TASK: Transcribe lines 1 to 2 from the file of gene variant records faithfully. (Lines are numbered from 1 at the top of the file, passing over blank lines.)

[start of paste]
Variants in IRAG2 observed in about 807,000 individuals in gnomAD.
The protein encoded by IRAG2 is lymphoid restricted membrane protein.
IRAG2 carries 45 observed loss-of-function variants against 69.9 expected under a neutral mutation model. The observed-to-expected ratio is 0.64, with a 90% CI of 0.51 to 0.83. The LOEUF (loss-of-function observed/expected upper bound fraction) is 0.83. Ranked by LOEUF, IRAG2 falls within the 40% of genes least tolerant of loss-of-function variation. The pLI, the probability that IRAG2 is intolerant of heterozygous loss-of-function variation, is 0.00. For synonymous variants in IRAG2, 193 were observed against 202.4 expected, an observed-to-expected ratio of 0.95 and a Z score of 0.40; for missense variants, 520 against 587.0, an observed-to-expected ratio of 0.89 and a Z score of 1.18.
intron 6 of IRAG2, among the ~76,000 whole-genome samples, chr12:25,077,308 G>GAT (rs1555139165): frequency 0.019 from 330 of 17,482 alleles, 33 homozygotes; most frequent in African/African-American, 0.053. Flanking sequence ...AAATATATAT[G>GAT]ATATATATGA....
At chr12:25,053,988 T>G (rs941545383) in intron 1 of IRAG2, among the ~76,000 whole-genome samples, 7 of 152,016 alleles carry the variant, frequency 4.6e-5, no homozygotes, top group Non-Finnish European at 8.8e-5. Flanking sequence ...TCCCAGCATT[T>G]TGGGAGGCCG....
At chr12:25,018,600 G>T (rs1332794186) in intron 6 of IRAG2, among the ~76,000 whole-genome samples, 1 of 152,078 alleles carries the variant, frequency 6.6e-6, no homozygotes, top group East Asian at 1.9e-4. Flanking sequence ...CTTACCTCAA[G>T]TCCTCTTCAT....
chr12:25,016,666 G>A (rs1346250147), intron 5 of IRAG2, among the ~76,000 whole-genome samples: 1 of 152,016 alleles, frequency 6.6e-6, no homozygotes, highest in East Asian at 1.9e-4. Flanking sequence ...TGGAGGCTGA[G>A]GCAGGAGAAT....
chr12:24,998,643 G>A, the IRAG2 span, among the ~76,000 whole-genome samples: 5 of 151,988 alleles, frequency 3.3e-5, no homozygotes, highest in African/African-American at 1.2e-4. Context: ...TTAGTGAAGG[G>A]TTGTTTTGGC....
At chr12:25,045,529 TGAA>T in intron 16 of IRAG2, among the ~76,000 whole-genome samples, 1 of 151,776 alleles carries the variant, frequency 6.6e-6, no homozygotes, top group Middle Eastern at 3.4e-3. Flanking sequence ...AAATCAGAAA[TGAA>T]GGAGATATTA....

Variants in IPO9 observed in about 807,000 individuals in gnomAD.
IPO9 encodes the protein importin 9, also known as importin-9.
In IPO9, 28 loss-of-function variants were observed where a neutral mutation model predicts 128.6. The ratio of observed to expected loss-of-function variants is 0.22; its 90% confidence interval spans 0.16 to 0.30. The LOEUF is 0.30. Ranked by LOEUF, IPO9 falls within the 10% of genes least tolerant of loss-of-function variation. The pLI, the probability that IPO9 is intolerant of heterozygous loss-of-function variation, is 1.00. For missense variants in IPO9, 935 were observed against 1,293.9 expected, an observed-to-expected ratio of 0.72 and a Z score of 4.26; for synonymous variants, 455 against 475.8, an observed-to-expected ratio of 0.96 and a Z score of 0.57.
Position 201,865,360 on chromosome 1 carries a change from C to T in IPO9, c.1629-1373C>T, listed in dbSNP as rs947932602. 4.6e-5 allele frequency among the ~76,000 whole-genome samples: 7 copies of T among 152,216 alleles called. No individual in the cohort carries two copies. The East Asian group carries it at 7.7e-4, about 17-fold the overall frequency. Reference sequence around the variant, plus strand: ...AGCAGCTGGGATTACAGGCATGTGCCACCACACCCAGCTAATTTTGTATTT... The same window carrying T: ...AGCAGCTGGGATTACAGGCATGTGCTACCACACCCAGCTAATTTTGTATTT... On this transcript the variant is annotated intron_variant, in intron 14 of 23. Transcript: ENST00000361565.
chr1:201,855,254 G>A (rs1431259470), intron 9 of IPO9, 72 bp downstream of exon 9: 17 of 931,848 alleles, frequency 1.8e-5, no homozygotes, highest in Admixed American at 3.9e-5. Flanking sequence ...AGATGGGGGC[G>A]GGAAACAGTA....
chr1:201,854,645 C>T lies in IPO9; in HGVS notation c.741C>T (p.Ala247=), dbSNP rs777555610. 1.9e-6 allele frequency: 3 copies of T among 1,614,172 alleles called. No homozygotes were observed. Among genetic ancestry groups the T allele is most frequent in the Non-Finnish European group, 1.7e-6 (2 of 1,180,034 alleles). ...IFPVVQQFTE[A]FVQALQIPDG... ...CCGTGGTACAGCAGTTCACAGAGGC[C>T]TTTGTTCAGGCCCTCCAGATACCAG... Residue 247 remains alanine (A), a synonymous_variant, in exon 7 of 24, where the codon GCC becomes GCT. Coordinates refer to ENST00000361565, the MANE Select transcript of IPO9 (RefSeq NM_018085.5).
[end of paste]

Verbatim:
Variants in IRAG2 observed in about 807,000 individuals in gnomAD.
The protein encoded by IRAG2 is lymphoid restricted membrane protein.